All over California there are judges who have neither staff nor a courtroom to ply their trade. They’ve been assigned to their chambers to perform administrative tasks or to engage in alternative dispute resolution because they lack the approximate seven bodies that make up a typical courtroom support staff. When you have nearly a hundred judges statewide that have no courtroom and no staff to man the courtroom, it makes no sense whatsoever to fund another ten judges that will have no courtroom or staff. Moreover, when you understand that each judicial position comes with 1.4 million dollars and approximately 750 grand is allocated to preparing a courtroom and you look how this money has been spent in the past, colossal waste is the first thing that comes to mind. Case in point: Contra Costa County.
Contra Costa County was funded with two judicial positions over a period of a couple of years. To facilitate the new courtrooms to accommodate the additional judicial positions, 750,000.00 was allocated per courtroom to ready them for the new judges.
So they took a multipurpose room and divided it into two. In one year that one position was funded, professional engineer Jon Wintermayer who worked for the courts delivered a fully built-out courtroom for a little over 190 grand. A few years later, when the second judicial position was funded, the other half of that multipurpose room was built out. But this time, Jon Wintermayer was not permitted to lead the project and hire his own contractors. Rather, “Team Jacobs” knew that there was 750 grand available for facility modifications and submitted their 750 grand bid to build out the other half of the multipurpose room. When Jon and his boss objected to the expenditure as a waste of funds, both of them were invited to leave the employ of the court.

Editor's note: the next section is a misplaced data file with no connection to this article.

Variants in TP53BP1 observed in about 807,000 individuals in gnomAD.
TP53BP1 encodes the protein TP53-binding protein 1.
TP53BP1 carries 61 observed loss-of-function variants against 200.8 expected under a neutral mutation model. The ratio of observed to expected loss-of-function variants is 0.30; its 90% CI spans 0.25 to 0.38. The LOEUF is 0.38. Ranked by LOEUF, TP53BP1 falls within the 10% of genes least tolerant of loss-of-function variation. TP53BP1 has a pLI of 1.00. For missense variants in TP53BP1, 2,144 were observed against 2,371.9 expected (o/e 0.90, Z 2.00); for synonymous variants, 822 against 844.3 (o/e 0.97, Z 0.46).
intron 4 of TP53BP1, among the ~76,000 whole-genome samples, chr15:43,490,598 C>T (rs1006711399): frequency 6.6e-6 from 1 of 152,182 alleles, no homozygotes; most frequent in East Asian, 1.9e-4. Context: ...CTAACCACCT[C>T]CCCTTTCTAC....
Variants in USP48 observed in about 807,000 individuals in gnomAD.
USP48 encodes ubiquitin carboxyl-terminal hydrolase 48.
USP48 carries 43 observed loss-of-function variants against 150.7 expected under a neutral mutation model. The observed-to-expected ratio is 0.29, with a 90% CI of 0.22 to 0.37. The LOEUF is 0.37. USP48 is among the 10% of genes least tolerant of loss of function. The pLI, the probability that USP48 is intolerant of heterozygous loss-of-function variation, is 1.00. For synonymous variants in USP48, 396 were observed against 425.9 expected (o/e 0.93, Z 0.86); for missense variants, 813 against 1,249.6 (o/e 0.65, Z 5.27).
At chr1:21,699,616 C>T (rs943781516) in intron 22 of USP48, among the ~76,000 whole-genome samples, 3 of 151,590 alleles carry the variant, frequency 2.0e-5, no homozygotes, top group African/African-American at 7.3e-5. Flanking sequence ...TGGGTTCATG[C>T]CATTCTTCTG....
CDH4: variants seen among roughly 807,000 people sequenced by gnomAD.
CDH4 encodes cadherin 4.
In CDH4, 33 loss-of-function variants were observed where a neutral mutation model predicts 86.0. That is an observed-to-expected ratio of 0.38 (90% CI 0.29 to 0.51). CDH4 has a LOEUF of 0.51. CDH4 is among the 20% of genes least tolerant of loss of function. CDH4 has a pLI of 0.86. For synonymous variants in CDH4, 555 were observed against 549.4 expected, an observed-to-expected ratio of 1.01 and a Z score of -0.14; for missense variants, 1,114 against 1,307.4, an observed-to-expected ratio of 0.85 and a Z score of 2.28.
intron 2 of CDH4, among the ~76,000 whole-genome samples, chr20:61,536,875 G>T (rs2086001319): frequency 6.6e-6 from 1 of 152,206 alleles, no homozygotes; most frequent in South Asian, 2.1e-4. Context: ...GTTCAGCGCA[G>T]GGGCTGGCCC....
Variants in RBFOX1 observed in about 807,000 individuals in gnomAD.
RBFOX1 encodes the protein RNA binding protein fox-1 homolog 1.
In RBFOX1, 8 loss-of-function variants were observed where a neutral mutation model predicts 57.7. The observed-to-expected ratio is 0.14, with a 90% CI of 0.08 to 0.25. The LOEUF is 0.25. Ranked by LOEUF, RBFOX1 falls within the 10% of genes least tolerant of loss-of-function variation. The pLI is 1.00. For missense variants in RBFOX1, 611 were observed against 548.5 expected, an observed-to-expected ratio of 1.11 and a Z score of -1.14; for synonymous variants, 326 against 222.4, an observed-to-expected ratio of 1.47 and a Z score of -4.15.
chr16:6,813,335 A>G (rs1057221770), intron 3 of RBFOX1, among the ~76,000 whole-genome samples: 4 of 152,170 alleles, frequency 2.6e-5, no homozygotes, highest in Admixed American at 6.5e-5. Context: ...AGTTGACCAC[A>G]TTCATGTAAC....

On top of that, there are 85 judicial vacancies statewide and nearly 26 million was spent last year on things like Judge Jack Halpin’s unelected twenty year reign to the Shasta County bench via the assigned judges program. One of the written public comments that was suppressed by the death star in San Francisco along with all other written public comments was one from Attorney Barbara Kaufmann who spent several days composing an analysis on the needs of additional judgeships. What she was unaware of was the amount of judges working today out of their chambers because they have no court staff. Yet she composed a letter to Governor Brown, both judiciary committees and the Chief Justice and also submitted it to the Judicial Council written comments that shows 85 judicial vacancies.
She questioned the need for funding additional judges with 85 vacancies and no court staff to support them even if the governor appointed them.
Again, what she was unaware of was the nearly hundred judges statewide who no longer have a courtroom or courtroom staff to support them. When you factor those numbers in, requesting additional judgeships is patently foolish, especially since you can’t lay off judges and money must come from somewhere, so let’s lay off even more court employees to fund them so they can sit in their chambers without courtroom support staff. Furthermore, the constitution permits the Chief Justice to reassign judges based on needs yet it would appear that she has never made such an effort.
It’s akin to Imelda Marcos asking the state for more money to buy shoes.